The month of all things CLD

The month of June has been the golden age for all things CLD. With new commitments made between international banks as well as organizations   redesigning their commitments with each other

Beginning with the Women’s Foreign Policy meeting there was a debrief on the multitude of changes that need to be addressed in the development world. One of them being a humanitarian issue and how organizations can better manage their appeal processes by reducing the amount of funding dedicated to appeals. The countries that are receiving the most aid appeal money have several conflict induced areas,which usually stay in conflict for a longer period of time than the duration of appeal money they receive. Refugees are also a major aspect of the humanitarian issue because they tend to depend on the aid for up to 17 years. Refugees who are not included  in the area they currently  inhabit which make it difficult for them to find the proper jobs or receive the proper education. There becomes a level of dependability on the money, a reality that comes with the issue of refugees and dislocated peoples. The more reasonable solution would be to change the way we approach crisis response issues and determine a way to approach it from the roots. One avenue is to take action domestically, like the US government providing 1 million jobs for refugees ,as well as providing education for their children, and a secure life(“Women’s Foreign Policy”).

From a development perspective, there was an issue on figuring out a way in which organizations can tackle vulnerability amongst smaller communities in aid receiving countries . The vulnerable people in this situation are women and children which can be difficult in  determining a way to make them more included in the community leadership. Women are the backbone of all of these communities, and excluding them from any decision process to “better the community” would be a disservice to the people.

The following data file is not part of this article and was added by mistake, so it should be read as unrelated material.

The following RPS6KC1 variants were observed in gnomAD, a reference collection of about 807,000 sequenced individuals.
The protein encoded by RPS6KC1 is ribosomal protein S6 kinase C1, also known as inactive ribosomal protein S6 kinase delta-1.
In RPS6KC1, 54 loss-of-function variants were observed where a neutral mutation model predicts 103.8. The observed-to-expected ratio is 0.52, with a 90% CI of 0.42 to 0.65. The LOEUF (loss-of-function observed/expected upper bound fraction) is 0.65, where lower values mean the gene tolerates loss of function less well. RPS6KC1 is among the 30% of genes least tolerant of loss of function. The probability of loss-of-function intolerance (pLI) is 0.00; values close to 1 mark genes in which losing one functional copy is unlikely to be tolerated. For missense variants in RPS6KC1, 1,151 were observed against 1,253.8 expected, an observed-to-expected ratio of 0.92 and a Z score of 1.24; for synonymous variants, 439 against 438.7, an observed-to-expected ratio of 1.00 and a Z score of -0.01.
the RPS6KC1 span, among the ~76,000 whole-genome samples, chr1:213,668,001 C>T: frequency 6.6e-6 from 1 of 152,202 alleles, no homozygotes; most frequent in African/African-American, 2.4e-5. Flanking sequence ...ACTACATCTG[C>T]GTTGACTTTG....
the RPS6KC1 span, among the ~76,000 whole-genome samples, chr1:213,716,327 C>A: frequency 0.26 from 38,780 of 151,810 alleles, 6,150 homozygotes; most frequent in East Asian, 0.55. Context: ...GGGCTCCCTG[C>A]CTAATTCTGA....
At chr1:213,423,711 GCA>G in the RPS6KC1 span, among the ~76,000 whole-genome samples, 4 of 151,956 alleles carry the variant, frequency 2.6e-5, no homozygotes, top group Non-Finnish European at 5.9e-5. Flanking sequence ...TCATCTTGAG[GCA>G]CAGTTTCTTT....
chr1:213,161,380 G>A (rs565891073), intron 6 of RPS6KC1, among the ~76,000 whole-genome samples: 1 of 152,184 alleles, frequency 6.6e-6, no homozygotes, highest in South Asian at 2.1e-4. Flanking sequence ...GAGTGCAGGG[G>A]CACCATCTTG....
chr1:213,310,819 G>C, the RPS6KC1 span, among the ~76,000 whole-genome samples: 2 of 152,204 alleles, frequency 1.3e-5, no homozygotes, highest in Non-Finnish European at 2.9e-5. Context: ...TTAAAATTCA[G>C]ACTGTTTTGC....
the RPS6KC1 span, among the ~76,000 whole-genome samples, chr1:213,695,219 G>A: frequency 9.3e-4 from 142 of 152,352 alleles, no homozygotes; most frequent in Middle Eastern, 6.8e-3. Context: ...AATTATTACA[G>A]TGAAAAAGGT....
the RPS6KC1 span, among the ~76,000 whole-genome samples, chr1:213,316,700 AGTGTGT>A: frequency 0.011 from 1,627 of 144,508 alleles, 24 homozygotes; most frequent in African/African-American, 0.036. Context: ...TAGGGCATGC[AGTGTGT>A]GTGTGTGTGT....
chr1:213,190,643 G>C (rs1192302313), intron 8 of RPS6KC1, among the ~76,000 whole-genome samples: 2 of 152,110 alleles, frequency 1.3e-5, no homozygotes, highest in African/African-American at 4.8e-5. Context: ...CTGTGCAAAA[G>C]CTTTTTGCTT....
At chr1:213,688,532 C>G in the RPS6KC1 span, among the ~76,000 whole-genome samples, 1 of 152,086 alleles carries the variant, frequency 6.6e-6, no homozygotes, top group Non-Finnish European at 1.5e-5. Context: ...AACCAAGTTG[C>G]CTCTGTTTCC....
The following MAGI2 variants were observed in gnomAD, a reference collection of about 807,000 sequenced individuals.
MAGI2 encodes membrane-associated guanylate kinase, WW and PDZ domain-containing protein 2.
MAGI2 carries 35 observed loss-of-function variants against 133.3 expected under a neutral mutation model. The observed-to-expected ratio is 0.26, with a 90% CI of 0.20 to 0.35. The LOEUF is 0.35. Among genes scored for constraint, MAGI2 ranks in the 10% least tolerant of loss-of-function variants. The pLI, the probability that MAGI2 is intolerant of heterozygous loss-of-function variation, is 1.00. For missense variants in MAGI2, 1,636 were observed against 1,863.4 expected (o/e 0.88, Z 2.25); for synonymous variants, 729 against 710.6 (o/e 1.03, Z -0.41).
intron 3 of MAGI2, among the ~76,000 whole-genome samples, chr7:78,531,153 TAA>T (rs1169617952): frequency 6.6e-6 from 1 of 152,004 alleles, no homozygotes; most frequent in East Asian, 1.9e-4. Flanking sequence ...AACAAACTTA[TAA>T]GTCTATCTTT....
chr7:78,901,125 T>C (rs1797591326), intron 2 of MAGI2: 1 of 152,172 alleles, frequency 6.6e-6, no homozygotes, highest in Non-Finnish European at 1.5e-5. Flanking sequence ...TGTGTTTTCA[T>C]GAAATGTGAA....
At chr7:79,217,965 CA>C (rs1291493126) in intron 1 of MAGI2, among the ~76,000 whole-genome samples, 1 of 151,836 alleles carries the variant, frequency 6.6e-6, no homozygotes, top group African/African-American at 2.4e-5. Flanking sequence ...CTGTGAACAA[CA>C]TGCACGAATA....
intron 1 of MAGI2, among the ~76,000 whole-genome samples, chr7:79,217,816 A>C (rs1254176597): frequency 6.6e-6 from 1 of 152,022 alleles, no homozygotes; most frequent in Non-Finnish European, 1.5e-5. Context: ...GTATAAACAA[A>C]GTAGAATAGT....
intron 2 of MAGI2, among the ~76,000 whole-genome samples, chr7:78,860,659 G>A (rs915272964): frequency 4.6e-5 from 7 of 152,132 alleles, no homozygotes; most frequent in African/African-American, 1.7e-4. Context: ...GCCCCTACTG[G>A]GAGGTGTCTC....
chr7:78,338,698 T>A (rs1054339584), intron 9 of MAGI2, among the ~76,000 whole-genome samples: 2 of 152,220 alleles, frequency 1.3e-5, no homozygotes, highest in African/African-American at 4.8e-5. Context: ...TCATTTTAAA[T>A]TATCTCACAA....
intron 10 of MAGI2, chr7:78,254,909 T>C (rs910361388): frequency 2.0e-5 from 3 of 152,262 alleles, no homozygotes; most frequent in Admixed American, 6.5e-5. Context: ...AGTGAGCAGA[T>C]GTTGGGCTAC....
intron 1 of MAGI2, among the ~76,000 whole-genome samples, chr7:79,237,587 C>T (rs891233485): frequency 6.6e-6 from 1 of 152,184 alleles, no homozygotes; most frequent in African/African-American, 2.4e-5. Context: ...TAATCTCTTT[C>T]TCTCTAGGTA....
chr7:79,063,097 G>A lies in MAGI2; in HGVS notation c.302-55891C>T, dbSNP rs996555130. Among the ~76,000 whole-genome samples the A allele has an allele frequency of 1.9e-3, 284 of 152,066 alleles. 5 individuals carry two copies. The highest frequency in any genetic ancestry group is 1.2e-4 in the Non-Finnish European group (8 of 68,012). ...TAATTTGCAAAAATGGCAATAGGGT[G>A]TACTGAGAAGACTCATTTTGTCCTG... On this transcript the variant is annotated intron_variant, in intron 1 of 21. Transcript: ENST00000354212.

The World Bank’s IDA briefing discussed more ways to proportionally distribute money, support, and time to refugees and also took time to highlight the the small organizations that are doing the best they can to sustain these under-developed communities. IDA 16-18 were used as guides as well as standards to uphold for the upcoming changes to be made.

The biggest concern is deciding how we now more diligently and strategically approach crisis response, especially during a time with an increasing number of individuals seeking refuge. With this issue also comes a need of major increase of resources in the countries that are considered more at risk. In most of these communities, there is a disparity within the local government being able to provide the proper necessities in these states

One way to improve these situations would be to improve inclusivity. By providing the option for women to have jobs in different fields it can support the process of closing the gender gap. This will provide a stable foundation for generations to follow and eventually change

gender strategy. Which means that the goal will be to close the generation gap on women who didn’t have the opportunity to get the proper education that their children would hopefully be able to have.